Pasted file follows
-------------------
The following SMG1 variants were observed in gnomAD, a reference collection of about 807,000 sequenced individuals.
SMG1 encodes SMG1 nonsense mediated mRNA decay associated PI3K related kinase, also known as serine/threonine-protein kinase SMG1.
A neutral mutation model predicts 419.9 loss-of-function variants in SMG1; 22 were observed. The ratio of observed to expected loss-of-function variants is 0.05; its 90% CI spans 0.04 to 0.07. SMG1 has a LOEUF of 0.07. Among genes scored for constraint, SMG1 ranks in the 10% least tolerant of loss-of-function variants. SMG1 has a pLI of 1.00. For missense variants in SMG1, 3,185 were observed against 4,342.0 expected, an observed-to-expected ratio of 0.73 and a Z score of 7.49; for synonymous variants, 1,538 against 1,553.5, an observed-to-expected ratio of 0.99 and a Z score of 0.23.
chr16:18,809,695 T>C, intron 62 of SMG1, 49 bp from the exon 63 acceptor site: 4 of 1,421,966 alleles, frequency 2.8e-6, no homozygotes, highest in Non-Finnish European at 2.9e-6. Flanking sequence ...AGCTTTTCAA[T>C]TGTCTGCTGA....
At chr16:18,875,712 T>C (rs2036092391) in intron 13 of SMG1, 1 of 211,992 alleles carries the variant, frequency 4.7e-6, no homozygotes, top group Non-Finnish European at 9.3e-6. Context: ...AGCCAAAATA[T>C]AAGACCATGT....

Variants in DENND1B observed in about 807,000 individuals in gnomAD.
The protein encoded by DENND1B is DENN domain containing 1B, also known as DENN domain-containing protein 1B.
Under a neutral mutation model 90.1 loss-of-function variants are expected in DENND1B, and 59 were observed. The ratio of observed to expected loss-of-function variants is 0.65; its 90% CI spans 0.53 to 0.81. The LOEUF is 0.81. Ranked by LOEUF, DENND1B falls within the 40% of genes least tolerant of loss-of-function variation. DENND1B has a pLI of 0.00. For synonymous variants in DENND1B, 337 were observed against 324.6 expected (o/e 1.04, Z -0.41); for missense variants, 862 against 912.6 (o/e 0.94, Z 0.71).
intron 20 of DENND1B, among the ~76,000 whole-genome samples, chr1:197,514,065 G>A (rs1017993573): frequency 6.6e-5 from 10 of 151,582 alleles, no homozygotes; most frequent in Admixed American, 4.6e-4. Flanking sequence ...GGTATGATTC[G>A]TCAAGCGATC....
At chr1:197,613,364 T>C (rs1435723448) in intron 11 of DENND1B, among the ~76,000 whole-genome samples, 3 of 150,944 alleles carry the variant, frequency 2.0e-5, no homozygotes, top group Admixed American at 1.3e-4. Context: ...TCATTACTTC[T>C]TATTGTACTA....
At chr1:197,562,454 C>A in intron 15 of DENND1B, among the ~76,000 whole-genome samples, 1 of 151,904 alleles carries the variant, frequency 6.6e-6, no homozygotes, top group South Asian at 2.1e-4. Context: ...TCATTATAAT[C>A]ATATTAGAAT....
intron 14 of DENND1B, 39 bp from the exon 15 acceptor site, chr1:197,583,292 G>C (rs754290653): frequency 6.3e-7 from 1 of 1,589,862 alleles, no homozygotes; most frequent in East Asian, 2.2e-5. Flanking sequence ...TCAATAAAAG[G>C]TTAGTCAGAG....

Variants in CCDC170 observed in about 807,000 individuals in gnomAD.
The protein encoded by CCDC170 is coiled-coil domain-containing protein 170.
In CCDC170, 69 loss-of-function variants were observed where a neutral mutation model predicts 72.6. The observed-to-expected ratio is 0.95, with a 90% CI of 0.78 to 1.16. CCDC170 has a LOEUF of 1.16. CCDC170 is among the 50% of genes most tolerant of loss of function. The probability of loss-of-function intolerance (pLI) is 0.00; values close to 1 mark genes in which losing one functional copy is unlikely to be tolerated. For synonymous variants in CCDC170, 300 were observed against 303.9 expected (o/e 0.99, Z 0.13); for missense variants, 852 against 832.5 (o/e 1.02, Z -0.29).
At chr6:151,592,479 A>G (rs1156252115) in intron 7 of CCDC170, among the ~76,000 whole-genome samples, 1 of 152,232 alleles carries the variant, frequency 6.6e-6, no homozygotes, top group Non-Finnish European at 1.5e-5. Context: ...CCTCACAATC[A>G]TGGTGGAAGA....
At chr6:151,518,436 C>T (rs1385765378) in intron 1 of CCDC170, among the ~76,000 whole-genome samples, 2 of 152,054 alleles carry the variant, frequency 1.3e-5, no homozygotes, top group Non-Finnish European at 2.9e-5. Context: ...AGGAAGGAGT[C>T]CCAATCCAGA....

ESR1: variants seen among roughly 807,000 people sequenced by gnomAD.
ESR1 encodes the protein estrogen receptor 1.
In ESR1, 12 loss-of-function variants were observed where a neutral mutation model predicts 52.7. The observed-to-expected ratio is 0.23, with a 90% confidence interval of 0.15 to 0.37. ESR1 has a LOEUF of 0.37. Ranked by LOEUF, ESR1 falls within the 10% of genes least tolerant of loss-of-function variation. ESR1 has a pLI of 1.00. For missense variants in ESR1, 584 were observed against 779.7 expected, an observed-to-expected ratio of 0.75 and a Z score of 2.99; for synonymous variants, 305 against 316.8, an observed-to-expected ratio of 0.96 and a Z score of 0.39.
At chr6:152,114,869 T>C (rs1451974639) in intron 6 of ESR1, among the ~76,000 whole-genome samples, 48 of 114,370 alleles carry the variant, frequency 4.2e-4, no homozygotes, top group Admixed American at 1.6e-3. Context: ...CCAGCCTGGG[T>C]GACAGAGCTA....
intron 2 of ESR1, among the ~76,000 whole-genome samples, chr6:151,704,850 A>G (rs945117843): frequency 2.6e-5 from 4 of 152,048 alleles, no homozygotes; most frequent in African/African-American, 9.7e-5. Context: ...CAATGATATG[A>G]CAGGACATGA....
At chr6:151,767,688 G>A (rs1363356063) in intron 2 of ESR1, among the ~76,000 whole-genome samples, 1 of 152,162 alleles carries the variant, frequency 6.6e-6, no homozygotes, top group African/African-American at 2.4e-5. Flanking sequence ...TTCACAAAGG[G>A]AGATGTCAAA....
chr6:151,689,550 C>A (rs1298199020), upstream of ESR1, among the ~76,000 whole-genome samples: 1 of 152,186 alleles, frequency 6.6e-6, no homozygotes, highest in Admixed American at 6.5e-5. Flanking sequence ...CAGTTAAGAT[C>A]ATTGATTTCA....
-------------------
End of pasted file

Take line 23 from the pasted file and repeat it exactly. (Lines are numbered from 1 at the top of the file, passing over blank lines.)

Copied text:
At chr6:151,767,688 G>A (rs1363356063) in intron 2 of ESR1, among the ~76,000 whole-genome samples, 1 of 152,162 alleles carries the variant, frequency 6.6e-6, no homozygotes, top group African/African-American at 2.4e-5. Flanking sequence ...TTCACAAAGG[G>A]AGATGTCAAA....